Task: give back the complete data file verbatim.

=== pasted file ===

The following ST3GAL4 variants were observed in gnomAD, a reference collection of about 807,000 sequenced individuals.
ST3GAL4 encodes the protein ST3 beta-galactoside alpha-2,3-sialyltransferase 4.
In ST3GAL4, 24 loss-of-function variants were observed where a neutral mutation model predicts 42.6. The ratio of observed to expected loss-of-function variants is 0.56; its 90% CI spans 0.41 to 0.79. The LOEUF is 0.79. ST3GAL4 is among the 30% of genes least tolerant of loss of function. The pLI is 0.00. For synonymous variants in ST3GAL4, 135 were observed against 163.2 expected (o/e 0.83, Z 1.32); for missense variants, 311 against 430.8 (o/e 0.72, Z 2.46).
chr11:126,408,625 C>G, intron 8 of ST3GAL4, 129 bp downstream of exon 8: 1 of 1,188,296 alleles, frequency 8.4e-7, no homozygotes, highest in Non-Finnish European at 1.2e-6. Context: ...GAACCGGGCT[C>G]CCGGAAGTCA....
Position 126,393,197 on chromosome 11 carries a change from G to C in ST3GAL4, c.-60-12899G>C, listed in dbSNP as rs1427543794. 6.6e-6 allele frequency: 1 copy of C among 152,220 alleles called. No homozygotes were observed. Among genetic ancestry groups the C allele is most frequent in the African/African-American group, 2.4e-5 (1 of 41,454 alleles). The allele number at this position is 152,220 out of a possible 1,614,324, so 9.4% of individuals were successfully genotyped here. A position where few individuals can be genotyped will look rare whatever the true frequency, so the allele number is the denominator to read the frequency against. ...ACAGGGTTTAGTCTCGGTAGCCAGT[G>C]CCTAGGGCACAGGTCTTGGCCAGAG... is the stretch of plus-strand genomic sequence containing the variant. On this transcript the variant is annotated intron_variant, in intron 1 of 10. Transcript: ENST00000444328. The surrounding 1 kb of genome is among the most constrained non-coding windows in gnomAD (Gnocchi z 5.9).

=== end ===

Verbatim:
The following ST3GAL4 variants were observed in gnomAD, a reference collection of about 807,000 sequenced individuals.
ST3GAL4 encodes the protein ST3 beta-galactoside alpha-2,3-sialyltransferase 4.
In ST3GAL4, 24 loss-of-function variants were observed where a neutral mutation model predicts 42.6. The ratio of observed to expected loss-of-function variants is 0.56; its 90% CI spans 0.41 to 0.79. The LOEUF is 0.79. ST3GAL4 is among the 30% of genes least tolerant of loss of function. The pLI is 0.00. For synonymous variants in ST3GAL4, 135 were observed against 163.2 expected (o/e 0.83, Z 1.32); for missense variants, 311 against 430.8 (o/e 0.72, Z 2.46).
chr11:126,408,625 C>G, intron 8 of ST3GAL4, 129 bp downstream of exon 8: 1 of 1,188,296 alleles, frequency 8.4e-7, no homozygotes, highest in Non-Finnish European at 1.2e-6. Context: ...GAACCGGGCT[C>G]CCGGAAGTCA....
Position 126,393,197 on chromosome 11 carries a change from G to C in ST3GAL4, c.-60-12899G>C, listed in dbSNP as rs1427543794. 6.6e-6 allele frequency: 1 copy of C among 152,220 alleles called. No homozygotes were observed. Among genetic ancestry groups the C allele is most frequent in the African/African-American group, 2.4e-5 (1 of 41,454 alleles). The allele number at this position is 152,220 out of a possible 1,614,324, so 9.4% of individuals were successfully genotyped here. A position where few individuals can be genotyped will look rare whatever the true frequency, so the allele number is the denominator to read the frequency against. ...ACAGGGTTTAGTCTCGGTAGCCAGT[G>C]CCTAGGGCACAGGTCTTGGCCAGAG... is the stretch of plus-strand genomic sequence containing the variant. On this transcript the variant is annotated intron_variant, in intron 1 of 10. Transcript: ENST00000444328. The surrounding 1 kb of genome is among the most constrained non-coding windows in gnomAD (Gnocchi z 5.9).